As many regular readers know, I focus on just a few topics in medicine, with my two favorites being vaccines and cancer – of course, the Gardasil cancer-preventing vaccine combines my two favorite topics. Here’s one thing that has become clear to me – there are no magical cancer prevention schemes. You are not going to prevent any of the 200 different cancers by drinking a banana-kale-quinoa smoothie every day. The best ways to prevent cancer are to quit smoking, stay out of the sun, keep active and thin, get your cancer-preventing vaccines, and following just a few more recommendations.

The benefits of the vaccine are often overlooked as a result of two possible factors – first, there’s a disconnect between personal activities today and cancer that could be diagnosed 20-30 years from now; and second, people think that there are significant dangers from the vaccine which are promulgated by the anti-vaccine religion.

It’s frustrating and difficult to explain Gardasil safety and efficacy as a result of the myths about safety and long-term efficacy of the vaccine. That’s why I have written nearly 200 articles about Gardasil safety and efficacy, along with debunking some ridiculous myths about the cancer-preventing vaccine. This article serves to be a quick source with links to most of those 200 articles.

And if you read nothing else in this review of Gardasil, read the section entitled “Gardasil safety and effectiveness – a quick primer” – that will link you to two quick to read articles that summarize the best evidence in support of the vaccine’s safety and effectiveness.

Continue reading “Gardasil facts – debunking myths about HPV vaccine safety and efficacy”

Dorit Rubinstein Reiss – an index of her vaccine articles on this website

Dorit Rubinstein Reiss

Dorit Rubinstein Reiss – Professor of Law at the University of California Hastings College of the Law (San Francisco, CA) – is a frequent contributor to this and many other blogs, providing in-depth, and intellectually stimulating, articles about vaccines (generally, but sometimes moving to other areas of medicine), social policy and the law. Her articles usually unwind the complexities of legal issues with vaccinations and legal policies, such as mandatory vaccination and exemptions, with facts and citations.

Professor Reiss writes extensively in law journals about the social and legal policies of vaccination–she really is a well-published expert in this area of vaccine policy, and doesn’t stand on the pulpit with a veneer of Argument from Authority, but is actually an authority. Additionally, Reiss is also a member of the Parent Advisory Board of Voices for Vaccines, a parent-led organization that supports and advocates for on-time vaccination and the reduction of vaccine-preventable disease.

She was also one of the many contributors to the book, “Pseudoscience – The Conspiracy Against Science.”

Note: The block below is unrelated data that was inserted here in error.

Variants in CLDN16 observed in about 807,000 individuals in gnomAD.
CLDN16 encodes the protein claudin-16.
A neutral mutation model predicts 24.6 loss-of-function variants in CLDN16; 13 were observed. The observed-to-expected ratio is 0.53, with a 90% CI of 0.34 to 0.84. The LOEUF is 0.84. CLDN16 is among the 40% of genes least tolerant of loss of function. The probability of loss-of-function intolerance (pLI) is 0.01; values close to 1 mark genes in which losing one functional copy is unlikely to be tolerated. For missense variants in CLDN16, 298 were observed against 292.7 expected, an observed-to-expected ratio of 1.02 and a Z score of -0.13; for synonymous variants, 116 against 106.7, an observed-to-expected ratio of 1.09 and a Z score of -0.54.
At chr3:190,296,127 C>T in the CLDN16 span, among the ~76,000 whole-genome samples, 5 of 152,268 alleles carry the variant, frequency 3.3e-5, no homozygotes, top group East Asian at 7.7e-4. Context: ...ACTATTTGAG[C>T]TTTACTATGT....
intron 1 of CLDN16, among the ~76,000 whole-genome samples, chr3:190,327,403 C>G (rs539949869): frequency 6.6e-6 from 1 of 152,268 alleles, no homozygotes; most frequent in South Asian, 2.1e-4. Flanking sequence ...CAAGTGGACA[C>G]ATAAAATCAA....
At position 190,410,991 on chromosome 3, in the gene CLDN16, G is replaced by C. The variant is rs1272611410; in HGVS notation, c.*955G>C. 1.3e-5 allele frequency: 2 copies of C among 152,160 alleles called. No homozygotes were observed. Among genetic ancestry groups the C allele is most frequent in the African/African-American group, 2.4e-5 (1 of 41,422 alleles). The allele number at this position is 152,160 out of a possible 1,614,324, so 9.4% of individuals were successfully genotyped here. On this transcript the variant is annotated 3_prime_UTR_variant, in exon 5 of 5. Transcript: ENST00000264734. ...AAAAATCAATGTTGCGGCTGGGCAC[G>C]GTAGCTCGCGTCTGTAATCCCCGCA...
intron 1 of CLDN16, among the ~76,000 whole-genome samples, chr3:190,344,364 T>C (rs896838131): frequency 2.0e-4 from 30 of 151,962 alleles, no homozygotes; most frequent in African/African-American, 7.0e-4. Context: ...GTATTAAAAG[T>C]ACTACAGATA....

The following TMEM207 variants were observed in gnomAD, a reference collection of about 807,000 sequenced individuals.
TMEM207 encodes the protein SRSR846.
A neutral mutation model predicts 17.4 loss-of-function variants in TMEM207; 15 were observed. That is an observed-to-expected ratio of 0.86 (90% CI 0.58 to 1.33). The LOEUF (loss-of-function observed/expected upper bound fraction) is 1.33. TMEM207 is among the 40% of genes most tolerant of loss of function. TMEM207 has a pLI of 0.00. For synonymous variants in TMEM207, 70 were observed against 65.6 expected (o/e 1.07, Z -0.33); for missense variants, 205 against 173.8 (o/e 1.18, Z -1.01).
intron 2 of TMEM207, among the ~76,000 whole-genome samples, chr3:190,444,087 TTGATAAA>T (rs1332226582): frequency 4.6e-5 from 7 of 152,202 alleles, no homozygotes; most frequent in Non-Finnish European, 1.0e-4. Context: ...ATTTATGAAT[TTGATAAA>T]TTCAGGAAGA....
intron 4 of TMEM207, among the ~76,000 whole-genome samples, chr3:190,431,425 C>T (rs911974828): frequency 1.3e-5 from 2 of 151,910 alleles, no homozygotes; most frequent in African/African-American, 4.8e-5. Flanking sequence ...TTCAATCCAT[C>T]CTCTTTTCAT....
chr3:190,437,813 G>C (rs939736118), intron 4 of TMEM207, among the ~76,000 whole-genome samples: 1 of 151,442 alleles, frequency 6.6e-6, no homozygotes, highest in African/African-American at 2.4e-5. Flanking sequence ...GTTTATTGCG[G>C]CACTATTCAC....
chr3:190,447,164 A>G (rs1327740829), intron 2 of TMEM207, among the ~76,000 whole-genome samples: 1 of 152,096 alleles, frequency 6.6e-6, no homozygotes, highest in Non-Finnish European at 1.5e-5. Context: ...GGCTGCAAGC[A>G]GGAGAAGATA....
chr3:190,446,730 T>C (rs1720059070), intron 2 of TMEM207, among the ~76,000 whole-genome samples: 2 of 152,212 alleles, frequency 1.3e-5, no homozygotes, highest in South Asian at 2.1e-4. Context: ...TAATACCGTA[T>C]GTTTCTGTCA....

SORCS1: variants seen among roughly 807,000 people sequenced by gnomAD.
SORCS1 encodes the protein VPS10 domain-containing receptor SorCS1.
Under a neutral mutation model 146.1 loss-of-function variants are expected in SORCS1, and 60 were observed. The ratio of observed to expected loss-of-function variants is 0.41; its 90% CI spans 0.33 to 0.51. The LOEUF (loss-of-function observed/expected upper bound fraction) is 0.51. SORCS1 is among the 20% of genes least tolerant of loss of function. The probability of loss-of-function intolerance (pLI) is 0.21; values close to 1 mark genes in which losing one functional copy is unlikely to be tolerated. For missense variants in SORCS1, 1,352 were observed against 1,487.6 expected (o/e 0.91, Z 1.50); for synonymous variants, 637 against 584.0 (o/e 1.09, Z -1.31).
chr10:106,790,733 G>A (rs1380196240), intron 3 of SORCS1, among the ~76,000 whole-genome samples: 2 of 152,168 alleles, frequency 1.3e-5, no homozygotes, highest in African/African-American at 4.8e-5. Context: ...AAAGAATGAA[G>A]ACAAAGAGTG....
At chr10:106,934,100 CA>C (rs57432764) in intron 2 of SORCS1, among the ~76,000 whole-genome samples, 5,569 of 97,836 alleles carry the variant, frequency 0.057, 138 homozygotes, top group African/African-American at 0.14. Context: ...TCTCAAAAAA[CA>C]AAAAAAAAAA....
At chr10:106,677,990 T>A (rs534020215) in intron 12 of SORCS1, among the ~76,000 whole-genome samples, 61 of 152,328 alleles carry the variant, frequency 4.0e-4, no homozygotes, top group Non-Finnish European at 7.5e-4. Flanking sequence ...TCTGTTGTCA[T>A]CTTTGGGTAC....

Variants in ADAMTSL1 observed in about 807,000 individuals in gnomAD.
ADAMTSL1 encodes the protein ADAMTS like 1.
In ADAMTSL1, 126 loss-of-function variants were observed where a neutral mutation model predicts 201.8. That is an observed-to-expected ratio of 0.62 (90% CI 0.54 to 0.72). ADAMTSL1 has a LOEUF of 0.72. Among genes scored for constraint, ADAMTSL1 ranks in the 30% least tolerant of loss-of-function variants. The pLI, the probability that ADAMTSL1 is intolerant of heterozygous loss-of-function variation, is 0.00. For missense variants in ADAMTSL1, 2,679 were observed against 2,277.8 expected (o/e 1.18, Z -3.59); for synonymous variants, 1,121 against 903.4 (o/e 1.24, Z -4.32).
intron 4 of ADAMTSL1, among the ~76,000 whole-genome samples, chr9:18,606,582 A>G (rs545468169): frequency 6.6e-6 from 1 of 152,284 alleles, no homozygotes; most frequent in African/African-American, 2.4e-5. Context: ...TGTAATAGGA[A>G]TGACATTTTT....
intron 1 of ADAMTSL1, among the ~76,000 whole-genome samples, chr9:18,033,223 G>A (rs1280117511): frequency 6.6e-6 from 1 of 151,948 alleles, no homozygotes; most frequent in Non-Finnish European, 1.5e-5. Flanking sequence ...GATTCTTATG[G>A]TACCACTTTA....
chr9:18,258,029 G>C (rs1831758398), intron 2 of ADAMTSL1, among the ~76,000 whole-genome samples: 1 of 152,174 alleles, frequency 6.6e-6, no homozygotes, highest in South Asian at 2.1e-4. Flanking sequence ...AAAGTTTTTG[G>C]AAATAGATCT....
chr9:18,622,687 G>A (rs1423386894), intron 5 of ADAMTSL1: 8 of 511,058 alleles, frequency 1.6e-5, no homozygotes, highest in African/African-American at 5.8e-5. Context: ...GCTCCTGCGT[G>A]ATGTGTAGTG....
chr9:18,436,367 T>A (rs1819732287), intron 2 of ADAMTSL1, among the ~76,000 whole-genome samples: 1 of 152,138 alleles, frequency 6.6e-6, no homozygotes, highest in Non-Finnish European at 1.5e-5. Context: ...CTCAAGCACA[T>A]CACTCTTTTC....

Many bloggers and commenters on vaccine issues will link to one or more of her articles here as a primary source to counter an anti-vaccine claim. The purpose of this post is to give you a quick reference to find the right article to answer a question you might have.

Below is a list of articles that Dorit Rubinstein Reiss has written for this blog, organized into some arbitrary and somewhat broad categories for easy reference. This article will be updated as new articles from Professor Reiss are published here. We also may update and add categories as necessary.


Continue reading “Dorit Rubinstein Reiss – an index of her vaccine articles on this website”

Religion and vaccines – current religious dogma about vaccinations review

religion and vaccines

This article, about religion and vaccines, shows that claims that religion is opposed to vaccinations are bogus. Recently, several states, like New York and Maine, have taken steps to limit and or eliminate religious exemptions to vaccines as a result of the abuse of the exemption.

A while ago, I wrote an article about a father who is suing the New York Department of Education to force a school to allow his unvaccinated son into school. The basis of his lawsuit is that vaccination is against his religious beliefs. 

The father is a Roman Catholic and claimed that his church was opposed to vaccines. As far as I could find, the Catholic Church strongly supports vaccines, even making it a moral and ethical issue by clearly stating that “there would seem to be no proper grounds for refusing immunization against dangerous contagious diseases…”

The Catholic Church even supports the use of those vaccines manufactured using permanent cell lines that derive from aborted fetuses. In other words, not only is the Catholic Church not opposed to vaccination, it seems to indicate that it would immoral to not vaccinate.

This all leads me to wonder if there was research into the relationship between religion and vaccines. Of course, researchers much smarter than this old dinosaur examined the issue – spoiler alert, religions broadly support vaccinations.

Continue reading “Religion and vaccines – current religious dogma about vaccinations review”